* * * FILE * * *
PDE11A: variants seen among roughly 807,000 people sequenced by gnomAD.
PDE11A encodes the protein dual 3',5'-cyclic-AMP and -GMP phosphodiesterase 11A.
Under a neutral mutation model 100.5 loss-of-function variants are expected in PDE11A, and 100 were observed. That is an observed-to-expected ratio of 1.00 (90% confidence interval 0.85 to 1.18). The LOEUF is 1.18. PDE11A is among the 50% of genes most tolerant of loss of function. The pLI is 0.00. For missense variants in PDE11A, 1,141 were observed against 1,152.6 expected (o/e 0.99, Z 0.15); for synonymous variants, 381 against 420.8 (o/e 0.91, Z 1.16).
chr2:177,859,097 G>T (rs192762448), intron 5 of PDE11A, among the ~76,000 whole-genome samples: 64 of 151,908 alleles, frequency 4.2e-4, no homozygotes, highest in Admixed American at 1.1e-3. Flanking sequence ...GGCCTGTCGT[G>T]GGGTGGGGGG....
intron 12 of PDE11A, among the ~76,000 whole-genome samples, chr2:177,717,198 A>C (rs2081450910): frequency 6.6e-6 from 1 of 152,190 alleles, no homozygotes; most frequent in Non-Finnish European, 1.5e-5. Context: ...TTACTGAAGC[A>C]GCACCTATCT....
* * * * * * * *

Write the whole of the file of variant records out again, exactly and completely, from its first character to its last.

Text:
PDE11A: variants seen among roughly 807,000 people sequenced by gnomAD.
PDE11A encodes the protein dual 3',5'-cyclic-AMP and -GMP phosphodiesterase 11A.
Under a neutral mutation model 100.5 loss-of-function variants are expected in PDE11A, and 100 were observed. That is an observed-to-expected ratio of 1.00 (90% confidence interval 0.85 to 1.18). The LOEUF is 1.18. PDE11A is among the 50% of genes most tolerant of loss of function. The pLI is 0.00. For missense variants in PDE11A, 1,141 were observed against 1,152.6 expected (o/e 0.99, Z 0.15); for synonymous variants, 381 against 420.8 (o/e 0.91, Z 1.16).
chr2:177,859,097 G>T (rs192762448), intron 5 of PDE11A, among the ~76,000 whole-genome samples: 64 of 151,908 alleles, frequency 4.2e-4, no homozygotes, highest in Admixed American at 1.1e-3. Flanking sequence ...GGCCTGTCGT[G>T]GGGTGGGGGG....
intron 12 of PDE11A, among the ~76,000 whole-genome samples, chr2:177,717,198 A>C (rs2081450910): frequency 6.6e-6 from 1 of 152,190 alleles, no homozygotes; most frequent in Non-Finnish European, 1.5e-5. Context: ...TTACTGAAGC[A>C]GCACCTATCT....